First up is a high-altitude finish all the way up at 2,400 metres on the Col du Granon, reported by various media outlets. The climb, which measures 11km and 9 per cent from the south, has only been used once before, all the way back in 1986. Only the nearby Col du Galibier has hosted a finish at higher altitude.
There are similarly multiple reports of a return to Alpe d’Huez, a staple of the Tour de France but not seen since Geraint Thomas’ victory in the yellow jersey in 2018. This stage would take place on Bastille Day, making for a festival atmosphere on the famous 21 hairpins.
Over to the Pyrenees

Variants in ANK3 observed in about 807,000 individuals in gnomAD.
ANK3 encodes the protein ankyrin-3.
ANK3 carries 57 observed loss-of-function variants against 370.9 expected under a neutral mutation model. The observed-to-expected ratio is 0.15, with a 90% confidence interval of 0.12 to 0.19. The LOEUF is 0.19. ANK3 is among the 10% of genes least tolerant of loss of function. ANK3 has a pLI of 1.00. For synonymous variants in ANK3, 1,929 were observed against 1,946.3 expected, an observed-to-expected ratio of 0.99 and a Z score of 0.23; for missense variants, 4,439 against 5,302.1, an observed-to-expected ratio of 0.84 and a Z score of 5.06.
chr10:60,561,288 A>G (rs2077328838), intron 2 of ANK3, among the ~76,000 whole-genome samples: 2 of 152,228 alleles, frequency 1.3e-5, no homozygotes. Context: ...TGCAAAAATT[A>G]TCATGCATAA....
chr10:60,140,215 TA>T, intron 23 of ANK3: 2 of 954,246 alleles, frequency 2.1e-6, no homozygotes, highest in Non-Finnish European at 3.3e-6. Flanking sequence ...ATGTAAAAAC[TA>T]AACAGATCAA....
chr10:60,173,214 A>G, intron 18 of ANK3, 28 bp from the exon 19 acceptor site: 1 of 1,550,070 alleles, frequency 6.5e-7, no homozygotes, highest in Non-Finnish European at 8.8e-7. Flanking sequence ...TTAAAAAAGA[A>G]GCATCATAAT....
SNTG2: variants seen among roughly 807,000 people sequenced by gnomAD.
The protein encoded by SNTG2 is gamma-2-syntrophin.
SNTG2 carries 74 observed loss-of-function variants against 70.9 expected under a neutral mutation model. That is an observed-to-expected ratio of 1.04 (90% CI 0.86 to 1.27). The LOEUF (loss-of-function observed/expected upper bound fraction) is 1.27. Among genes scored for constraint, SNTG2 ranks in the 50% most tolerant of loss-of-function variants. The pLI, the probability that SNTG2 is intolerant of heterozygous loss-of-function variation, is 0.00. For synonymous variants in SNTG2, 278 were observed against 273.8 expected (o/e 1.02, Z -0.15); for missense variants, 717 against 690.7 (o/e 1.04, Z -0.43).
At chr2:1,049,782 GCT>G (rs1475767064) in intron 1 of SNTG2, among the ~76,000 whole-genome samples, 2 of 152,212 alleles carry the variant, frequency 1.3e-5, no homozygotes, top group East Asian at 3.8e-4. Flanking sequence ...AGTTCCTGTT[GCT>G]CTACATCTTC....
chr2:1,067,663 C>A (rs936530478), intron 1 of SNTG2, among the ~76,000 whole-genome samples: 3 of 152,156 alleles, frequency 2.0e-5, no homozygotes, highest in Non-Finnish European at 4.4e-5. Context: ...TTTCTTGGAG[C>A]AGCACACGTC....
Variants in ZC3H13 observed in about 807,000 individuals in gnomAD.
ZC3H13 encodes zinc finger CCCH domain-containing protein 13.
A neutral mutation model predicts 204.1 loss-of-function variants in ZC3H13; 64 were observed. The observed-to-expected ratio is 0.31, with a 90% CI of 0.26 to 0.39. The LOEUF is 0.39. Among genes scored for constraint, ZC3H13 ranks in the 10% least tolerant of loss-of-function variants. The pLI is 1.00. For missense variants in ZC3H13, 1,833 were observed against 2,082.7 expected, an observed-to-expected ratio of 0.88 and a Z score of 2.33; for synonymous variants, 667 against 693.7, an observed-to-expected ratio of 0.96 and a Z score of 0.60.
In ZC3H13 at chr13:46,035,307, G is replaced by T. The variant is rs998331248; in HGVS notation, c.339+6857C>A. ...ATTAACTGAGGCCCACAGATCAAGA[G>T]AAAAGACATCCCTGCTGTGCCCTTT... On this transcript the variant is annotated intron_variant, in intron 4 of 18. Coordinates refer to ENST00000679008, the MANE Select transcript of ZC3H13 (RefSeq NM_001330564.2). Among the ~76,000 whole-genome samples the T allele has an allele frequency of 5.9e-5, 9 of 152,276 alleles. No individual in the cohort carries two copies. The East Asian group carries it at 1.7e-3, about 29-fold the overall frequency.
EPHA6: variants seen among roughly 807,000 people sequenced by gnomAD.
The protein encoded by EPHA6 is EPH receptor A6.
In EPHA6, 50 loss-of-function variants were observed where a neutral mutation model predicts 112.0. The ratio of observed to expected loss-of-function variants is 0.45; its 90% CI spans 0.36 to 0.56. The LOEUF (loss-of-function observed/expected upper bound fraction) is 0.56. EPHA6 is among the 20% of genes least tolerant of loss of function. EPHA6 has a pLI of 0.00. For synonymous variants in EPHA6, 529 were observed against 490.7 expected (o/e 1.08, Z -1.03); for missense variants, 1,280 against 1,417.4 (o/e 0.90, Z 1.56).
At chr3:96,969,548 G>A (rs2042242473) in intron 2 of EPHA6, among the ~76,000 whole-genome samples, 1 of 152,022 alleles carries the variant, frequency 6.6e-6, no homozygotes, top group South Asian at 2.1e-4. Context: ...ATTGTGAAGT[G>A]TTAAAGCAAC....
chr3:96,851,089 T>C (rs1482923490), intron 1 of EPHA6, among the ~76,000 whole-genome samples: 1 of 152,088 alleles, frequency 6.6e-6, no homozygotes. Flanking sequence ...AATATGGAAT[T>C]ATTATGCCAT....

After the Alpine feast, reports suggest the race will then head over towards the Pyrenees, with the two mountain ranges linked in traditional fashion by a series of transition stages across the south of France. According to Velowire’s outline, this would make for flatter stages on both the middle weekends of the race, which are usually reserved for the most attractive mountain stages.
Either way, newspaper Le Progrès reports that the Tour will leave the Alps and head for a finish in the city of Saint Etienne on stage 13, before heading west to Mende the following day. That would be more of a medium-mountain day, with the short steep climb to the airport, once associated with Laurent Jalabert, last used in 2018, when Omar Fraile won, and before that in 2015 when Steve Cummings memorably played Romain Bardet and Thibaut Pinot off each other to win MTN-Qhubeka’s first stage on Mandela Day.